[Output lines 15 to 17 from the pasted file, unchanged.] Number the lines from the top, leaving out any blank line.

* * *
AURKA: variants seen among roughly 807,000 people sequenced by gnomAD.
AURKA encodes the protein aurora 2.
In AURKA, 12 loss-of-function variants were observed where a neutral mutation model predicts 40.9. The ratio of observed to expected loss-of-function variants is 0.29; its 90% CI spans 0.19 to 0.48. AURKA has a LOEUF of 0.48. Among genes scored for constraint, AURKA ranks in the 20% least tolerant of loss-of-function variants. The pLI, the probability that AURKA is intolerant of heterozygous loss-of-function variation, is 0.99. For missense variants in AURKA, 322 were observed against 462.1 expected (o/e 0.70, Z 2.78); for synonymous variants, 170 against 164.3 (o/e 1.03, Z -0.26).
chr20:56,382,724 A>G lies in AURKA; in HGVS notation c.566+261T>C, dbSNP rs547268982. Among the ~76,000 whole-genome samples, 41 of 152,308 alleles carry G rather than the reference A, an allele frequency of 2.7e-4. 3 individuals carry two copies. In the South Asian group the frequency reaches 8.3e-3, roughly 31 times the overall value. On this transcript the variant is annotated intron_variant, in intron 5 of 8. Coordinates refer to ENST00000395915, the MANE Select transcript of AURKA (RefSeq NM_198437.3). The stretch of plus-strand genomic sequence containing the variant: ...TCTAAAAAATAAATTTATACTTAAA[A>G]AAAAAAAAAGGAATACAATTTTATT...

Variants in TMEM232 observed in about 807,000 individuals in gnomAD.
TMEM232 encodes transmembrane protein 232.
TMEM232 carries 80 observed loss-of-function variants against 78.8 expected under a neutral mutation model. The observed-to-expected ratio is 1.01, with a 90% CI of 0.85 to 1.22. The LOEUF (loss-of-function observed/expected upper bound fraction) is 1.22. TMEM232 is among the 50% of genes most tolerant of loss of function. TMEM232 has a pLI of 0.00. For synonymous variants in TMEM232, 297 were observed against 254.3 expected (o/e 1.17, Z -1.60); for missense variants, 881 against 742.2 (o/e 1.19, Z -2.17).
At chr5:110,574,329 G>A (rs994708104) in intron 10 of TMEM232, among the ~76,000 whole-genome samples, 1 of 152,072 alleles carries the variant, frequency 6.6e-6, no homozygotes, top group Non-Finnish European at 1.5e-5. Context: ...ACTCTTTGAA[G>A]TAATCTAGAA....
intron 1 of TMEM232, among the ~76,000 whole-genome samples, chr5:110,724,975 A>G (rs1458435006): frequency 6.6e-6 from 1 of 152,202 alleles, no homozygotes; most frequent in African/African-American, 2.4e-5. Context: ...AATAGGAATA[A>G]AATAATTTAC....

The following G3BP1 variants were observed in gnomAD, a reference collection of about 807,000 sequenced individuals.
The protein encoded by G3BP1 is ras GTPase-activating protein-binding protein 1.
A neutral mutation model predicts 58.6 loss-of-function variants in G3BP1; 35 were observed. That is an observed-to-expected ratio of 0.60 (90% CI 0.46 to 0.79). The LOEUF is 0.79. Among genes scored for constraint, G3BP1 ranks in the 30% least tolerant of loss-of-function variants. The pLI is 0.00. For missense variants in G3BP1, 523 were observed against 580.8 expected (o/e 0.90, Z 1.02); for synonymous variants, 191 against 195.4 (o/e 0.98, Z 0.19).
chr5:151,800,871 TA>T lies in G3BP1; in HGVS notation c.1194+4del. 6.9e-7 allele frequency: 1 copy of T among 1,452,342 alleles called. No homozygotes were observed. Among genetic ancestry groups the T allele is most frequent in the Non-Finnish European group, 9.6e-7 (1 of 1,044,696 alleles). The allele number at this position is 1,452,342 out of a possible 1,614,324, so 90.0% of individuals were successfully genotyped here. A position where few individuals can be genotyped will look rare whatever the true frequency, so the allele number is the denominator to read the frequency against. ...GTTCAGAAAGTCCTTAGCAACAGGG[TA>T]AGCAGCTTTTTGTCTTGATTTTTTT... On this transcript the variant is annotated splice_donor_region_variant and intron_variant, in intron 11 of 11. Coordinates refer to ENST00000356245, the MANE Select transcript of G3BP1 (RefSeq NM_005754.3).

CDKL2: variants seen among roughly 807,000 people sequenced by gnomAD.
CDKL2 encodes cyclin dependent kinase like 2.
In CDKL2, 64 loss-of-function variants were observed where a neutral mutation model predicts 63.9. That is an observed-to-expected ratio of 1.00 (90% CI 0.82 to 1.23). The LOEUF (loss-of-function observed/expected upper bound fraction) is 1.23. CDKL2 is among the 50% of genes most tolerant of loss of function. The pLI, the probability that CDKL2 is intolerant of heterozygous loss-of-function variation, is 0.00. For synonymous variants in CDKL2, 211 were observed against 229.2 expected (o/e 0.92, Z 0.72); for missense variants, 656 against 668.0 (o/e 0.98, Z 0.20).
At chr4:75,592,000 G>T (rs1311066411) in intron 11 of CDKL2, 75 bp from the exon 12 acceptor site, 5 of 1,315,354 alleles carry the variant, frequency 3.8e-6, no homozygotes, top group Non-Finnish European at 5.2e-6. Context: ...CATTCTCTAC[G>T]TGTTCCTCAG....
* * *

CDKL2 encodes cyclin dependent kinase like 2.
In CDKL2, 64 loss-of-function variants were observed where a neutral mutation model predicts 63.9. That is an observed-to-expected ratio of 1.00 (90% CI 0.82 to 1.23). The LOEUF (loss-of-function observed/expected upper bound fraction) is 1.23. CDKL2 is among the 50% of genes most tolerant of loss of function. The pLI, the probability that CDKL2 is intolerant of heterozygous loss-of-function variation, is 0.00. For synonymous variants in CDKL2, 211 were observed against 229.2 expected (o/e 0.92, Z 0.72); for missense variants, 656 against 668.0 (o/e 0.98, Z 0.20).
At chr4:75,592,000 G>T (rs1311066411) in intron 11 of CDKL2, 75 bp from the exon 12 acceptor site, 5 of 1,315,354 alleles carry the variant, frequency 3.8e-6, no homozygotes, top group Non-Finnish European at 5.2e-6. Context: ...CATTCTCTAC[G>T]TGTTCCTCAG....